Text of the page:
07 June 2001 | Robin Parker
Birmingham City Council's procurement service is failing and unlikely to improve, according to a damning review by the Audit Commission.
Its Best Value Inspection Service claims that out-of-date, insufficiently detailed contractor practices are overburdening suppliers on the council's 1,000-strong approved list. Only 140 of the suppliers have won contracts in the past year.
The review found late payments were common, with some companies waiting for 32 months to be paid. The council could not supply a figure for its annual purchasing spend, which inspectors said could be as much as £1 billion.
Procurement is a complex issue for a council the size of Birmingham's, in which one in four of the 10,000 staff are involved in the activity at some level. The inspectors found a fragmented service with little use or awareness of procurement guidelines.
Councils determine the scope of their reviews. Choosing procurement highlighted its importance to Birmingham City Council, said Paul Kirby, central region director at the Audit Commission.
"But it only looked at a traditional approved list of contractors, rather than procurement across the council. Because the review's scope was so narrow, it didn't leave enough room for future improvement."
The procurement division was stung by the report's conclusions. "It identified directions that are already part of our service improvement plan, such as faster processing of contractors' applications and greater use of IT," Bob Carmichael, principal officer for approved lists and insolvencies, told SM. "This made it all the more surprising that they branded us 'unlikely to improve'."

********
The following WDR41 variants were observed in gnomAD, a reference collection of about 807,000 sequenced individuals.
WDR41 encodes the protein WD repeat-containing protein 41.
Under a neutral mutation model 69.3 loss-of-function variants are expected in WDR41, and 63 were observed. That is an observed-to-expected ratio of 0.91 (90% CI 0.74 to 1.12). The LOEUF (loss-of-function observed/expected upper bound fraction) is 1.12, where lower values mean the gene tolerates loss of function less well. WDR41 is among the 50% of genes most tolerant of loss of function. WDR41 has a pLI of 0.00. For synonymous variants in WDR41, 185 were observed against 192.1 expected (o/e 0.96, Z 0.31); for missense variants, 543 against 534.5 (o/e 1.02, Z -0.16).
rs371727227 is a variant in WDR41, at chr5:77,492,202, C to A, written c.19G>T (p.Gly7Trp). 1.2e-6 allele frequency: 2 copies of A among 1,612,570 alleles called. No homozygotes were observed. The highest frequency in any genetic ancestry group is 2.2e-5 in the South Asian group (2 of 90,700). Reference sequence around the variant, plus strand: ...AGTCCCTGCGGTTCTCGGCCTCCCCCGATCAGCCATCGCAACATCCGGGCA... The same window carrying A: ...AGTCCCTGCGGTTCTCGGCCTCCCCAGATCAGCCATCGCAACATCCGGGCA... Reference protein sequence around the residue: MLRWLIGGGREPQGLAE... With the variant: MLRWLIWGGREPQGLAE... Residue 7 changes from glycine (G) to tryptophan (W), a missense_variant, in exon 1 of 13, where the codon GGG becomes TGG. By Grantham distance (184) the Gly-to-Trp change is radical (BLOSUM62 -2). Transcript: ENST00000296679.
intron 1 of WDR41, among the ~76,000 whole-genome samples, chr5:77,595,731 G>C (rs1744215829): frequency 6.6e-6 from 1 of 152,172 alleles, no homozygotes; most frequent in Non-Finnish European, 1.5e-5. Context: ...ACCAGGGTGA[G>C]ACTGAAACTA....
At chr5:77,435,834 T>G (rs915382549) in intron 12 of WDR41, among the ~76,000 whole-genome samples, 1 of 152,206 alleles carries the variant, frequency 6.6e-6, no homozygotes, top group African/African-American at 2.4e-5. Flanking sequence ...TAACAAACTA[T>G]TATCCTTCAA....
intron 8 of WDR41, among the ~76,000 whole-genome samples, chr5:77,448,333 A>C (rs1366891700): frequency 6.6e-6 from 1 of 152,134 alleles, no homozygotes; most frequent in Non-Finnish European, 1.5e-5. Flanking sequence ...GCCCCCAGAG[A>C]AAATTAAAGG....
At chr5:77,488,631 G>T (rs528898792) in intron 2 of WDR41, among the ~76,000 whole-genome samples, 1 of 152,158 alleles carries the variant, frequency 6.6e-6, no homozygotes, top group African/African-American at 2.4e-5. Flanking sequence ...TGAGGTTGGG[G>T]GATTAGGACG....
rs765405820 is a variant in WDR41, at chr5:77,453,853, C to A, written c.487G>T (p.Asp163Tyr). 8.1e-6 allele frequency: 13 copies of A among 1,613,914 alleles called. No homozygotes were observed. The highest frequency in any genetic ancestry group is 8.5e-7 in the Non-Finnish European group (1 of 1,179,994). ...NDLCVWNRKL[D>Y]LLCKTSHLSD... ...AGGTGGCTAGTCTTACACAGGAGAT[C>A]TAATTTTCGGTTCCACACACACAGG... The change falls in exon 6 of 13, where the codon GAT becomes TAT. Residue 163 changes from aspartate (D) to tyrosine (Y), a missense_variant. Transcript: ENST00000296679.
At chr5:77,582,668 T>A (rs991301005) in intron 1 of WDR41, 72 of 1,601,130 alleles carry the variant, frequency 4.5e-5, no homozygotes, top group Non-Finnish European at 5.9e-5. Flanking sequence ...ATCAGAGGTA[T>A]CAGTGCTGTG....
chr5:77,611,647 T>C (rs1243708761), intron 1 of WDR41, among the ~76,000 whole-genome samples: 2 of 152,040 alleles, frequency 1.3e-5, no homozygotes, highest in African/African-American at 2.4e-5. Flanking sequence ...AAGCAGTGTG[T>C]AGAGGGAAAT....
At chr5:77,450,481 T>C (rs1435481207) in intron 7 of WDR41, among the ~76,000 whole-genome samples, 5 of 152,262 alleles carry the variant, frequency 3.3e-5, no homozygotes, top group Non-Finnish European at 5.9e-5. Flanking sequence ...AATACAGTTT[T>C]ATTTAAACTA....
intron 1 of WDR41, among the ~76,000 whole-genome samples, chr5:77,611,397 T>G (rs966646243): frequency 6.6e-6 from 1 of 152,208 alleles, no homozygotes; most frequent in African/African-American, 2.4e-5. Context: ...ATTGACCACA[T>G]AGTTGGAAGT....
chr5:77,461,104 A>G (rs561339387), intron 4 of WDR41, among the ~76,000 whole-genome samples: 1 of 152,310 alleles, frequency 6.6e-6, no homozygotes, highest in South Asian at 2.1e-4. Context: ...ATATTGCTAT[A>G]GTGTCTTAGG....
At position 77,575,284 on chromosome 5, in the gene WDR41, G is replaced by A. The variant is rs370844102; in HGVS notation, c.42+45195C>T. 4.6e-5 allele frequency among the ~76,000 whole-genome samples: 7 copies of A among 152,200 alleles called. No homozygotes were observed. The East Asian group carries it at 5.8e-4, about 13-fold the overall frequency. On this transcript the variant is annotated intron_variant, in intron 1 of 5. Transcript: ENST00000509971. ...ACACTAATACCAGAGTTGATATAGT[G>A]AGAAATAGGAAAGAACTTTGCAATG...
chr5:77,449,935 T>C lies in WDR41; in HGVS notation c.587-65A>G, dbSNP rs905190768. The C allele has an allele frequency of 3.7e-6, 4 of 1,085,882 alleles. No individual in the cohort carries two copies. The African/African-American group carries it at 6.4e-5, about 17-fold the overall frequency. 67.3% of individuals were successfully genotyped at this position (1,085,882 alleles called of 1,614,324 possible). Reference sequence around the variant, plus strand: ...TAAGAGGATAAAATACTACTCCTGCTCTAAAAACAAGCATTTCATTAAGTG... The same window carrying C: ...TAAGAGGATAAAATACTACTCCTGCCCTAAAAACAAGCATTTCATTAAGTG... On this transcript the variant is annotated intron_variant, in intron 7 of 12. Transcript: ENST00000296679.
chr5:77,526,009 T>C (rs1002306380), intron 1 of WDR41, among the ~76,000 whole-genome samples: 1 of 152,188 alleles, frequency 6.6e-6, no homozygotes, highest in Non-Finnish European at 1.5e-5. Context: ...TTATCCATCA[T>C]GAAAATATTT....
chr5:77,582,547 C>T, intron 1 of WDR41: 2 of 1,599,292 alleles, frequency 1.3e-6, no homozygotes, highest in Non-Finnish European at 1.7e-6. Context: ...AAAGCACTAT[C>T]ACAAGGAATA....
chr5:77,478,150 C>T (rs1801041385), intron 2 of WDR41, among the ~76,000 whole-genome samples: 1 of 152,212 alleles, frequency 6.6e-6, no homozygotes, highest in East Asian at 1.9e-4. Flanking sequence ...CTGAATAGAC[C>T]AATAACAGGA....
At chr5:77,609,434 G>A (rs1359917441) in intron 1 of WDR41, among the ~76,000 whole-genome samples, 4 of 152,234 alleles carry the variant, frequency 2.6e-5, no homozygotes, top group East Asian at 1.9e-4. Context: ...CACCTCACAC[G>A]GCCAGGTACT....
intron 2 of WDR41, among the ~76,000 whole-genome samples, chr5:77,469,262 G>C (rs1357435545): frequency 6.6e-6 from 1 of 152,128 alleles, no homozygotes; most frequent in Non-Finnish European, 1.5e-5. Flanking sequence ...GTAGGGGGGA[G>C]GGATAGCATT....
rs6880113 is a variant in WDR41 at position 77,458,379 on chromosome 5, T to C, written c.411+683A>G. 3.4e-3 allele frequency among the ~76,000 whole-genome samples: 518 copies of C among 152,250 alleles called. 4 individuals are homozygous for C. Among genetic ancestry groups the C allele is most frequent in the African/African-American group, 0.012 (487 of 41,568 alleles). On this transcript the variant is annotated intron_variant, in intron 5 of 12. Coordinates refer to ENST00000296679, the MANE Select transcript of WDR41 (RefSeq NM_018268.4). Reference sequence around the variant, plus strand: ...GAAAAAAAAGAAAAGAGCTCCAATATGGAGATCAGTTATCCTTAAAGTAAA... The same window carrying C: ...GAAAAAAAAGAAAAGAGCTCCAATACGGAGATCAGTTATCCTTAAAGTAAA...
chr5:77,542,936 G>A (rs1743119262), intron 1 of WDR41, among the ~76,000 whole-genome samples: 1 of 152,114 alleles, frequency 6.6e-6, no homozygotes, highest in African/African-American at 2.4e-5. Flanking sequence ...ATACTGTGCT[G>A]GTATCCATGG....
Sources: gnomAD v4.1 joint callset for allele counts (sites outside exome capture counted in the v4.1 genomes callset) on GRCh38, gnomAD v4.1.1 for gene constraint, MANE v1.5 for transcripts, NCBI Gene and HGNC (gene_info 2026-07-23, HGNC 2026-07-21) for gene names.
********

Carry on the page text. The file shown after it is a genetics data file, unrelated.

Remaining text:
The authority is to merge its strategic procurement service and its city supplies organisation by the autumn, as well as simplifying low-level purchasing in order to concentrate on larger strategic spending. But the commission's inspectors claimed that while this would ease backlogs, it was not customer-driven and would not solve the core problem of slow processing. However, Carmichael said these issues were under review.
The inspectors recommend that the council develops a strategy and vision for procurement, including stronger partnerships with contractors. The council already plans to hold an open day in July for contractors and potential contractors, added Carmichael.
Procurement services at Mendip, as well as Brighton and Hove, are currently the subject of similar best value reviews. The findings are due to be published in the next few weeks.